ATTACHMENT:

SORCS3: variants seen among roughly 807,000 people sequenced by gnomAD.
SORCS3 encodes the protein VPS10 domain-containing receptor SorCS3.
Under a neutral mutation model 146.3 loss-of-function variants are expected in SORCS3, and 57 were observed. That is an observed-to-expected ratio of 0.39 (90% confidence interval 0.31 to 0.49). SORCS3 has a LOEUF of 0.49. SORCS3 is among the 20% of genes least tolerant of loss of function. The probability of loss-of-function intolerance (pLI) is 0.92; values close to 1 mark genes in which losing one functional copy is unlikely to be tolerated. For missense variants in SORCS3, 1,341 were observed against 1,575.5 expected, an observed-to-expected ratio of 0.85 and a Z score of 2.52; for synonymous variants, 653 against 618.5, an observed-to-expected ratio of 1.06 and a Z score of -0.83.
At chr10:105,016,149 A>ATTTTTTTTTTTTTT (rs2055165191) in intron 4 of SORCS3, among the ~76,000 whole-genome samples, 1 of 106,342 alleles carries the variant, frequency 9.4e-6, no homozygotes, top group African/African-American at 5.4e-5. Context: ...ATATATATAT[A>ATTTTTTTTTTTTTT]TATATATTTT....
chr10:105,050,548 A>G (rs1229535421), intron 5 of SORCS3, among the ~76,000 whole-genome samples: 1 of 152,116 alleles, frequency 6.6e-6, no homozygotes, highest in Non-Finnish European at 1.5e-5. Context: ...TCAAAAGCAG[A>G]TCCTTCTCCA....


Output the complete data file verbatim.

SORCS3: variants seen among roughly 807,000 people sequenced by gnomAD.
SORCS3 encodes the protein VPS10 domain-containing receptor SorCS3.
Under a neutral mutation model 146.3 loss-of-function variants are expected in SORCS3, and 57 were observed. That is an observed-to-expected ratio of 0.39 (90% confidence interval 0.31 to 0.49). SORCS3 has a LOEUF of 0.49. SORCS3 is among the 20% of genes least tolerant of loss of function. The probability of loss-of-function intolerance (pLI) is 0.92; values close to 1 mark genes in which losing one functional copy is unlikely to be tolerated. For missense variants in SORCS3, 1,341 were observed against 1,575.5 expected, an observed-to-expected ratio of 0.85 and a Z score of 2.52; for synonymous variants, 653 against 618.5, an observed-to-expected ratio of 1.06 and a Z score of -0.83.
At chr10:105,016,149 A>ATTTTTTTTTTTTTT (rs2055165191) in intron 4 of SORCS3, among the ~76,000 whole-genome samples, 1 of 106,342 alleles carries the variant, frequency 9.4e-6, no homozygotes, top group African/African-American at 5.4e-5. Context: ...ATATATATAT[A>ATTTTTTTTTTTTTT]TATATATTTT....
chr10:105,050,548 A>G (rs1229535421), intron 5 of SORCS3, among the ~76,000 whole-genome samples: 1 of 152,116 alleles, frequency 6.6e-6, no homozygotes, highest in Non-Finnish European at 1.5e-5. Context: ...TCAAAAGCAG[A>G]TCCTTCTCCA....